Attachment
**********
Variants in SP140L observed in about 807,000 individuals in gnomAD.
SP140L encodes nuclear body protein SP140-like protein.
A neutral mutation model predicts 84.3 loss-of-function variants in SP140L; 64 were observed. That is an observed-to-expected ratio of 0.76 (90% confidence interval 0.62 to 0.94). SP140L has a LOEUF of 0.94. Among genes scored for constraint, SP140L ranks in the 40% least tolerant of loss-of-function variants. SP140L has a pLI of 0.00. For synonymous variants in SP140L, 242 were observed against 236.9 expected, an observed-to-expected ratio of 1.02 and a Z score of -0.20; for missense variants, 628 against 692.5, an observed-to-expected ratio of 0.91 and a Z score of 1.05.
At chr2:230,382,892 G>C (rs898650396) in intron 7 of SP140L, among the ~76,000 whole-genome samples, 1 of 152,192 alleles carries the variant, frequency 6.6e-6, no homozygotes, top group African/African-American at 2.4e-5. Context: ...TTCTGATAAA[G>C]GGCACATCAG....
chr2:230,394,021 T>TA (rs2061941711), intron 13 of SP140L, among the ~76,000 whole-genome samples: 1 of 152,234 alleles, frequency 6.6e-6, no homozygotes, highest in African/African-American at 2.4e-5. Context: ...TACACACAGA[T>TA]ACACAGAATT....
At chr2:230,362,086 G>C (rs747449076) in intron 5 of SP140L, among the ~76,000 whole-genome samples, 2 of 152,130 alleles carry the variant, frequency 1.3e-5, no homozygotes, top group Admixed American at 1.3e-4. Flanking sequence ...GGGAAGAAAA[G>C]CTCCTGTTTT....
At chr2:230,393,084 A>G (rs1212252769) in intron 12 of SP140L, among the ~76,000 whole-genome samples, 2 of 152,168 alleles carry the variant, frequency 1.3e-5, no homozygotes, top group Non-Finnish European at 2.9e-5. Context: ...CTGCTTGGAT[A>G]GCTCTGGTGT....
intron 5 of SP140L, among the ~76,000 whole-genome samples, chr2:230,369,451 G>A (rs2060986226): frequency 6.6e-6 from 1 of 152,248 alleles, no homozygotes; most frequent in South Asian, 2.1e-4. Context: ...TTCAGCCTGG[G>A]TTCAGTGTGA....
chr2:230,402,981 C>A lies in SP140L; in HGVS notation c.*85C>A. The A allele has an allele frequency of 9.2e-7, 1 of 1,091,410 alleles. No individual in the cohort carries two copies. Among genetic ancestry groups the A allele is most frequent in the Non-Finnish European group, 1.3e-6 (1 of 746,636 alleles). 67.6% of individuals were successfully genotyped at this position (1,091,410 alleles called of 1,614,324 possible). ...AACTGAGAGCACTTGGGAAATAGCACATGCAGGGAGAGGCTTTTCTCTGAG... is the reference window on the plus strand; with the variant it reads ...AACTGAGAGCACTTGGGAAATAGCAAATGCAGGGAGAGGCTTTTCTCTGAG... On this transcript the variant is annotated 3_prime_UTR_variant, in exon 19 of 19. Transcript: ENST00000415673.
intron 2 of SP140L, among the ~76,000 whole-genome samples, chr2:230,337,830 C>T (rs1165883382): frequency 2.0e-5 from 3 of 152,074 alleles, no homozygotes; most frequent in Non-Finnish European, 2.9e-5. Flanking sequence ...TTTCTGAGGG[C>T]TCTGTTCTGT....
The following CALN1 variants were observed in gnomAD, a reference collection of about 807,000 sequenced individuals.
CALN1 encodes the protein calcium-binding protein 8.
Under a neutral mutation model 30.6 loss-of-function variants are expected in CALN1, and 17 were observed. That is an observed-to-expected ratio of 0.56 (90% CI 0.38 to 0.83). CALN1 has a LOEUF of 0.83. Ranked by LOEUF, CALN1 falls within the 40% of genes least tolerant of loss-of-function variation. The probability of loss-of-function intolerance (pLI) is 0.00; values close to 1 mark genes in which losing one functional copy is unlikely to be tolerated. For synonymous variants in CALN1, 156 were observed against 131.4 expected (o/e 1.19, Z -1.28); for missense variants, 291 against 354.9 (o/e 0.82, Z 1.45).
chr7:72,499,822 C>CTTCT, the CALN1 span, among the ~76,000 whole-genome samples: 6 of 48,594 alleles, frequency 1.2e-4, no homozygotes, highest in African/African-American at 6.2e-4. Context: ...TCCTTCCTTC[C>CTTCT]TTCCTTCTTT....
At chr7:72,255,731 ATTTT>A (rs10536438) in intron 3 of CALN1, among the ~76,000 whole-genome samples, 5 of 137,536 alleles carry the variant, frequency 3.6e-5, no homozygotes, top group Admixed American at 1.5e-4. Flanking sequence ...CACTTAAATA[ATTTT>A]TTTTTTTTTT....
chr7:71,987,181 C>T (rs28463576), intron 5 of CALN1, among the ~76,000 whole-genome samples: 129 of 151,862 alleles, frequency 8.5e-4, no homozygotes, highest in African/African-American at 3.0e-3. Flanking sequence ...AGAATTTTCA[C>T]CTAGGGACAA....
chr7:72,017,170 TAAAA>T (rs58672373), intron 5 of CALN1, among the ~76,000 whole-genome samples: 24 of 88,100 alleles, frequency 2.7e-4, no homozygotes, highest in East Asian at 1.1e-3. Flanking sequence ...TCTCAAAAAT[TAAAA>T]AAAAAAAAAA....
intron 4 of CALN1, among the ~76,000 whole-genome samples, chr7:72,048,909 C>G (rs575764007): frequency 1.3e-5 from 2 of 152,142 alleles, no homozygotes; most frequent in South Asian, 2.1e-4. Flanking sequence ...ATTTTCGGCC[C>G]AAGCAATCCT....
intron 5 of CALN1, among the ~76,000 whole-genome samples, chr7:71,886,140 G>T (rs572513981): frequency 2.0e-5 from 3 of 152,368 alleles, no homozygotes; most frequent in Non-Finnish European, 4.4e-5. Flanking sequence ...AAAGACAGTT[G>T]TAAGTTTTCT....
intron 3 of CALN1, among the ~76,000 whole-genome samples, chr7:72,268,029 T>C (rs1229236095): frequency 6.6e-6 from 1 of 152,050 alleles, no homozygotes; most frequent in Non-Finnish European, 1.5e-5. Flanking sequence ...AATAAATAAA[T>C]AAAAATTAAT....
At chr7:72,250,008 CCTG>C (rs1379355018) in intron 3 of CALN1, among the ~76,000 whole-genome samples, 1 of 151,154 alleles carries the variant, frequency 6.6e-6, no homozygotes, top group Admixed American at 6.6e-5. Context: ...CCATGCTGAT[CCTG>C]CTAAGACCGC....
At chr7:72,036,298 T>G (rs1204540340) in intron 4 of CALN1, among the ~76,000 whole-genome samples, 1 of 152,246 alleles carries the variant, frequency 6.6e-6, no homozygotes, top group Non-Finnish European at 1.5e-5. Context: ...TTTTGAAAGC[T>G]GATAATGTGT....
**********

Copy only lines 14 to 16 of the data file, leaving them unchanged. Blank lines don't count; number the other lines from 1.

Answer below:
chr7:72,499,822 C>CTTCT, the CALN1 span, among the ~76,000 whole-genome samples: 6 of 48,594 alleles, frequency 1.2e-4, no homozygotes, highest in African/African-American at 6.2e-4. Context: ...TCCTTCCTTC[C>CTTCT]TTCCTTCTTT....
At chr7:72,255,731 ATTTT>A (rs10536438) in intron 3 of CALN1, among the ~76,000 whole-genome samples, 5 of 137,536 alleles carry the variant, frequency 3.6e-5, no homozygotes, top group Admixed American at 1.5e-4. Flanking sequence ...CACTTAAATA[ATTTT>A]TTTTTTTTTT....
chr7:71,987,181 C>T (rs28463576), intron 5 of CALN1, among the ~76,000 whole-genome samples: 129 of 151,862 alleles, frequency 8.5e-4, no homozygotes, highest in African/African-American at 3.0e-3. Flanking sequence ...AGAATTTTCA[C>T]CTAGGGACAA....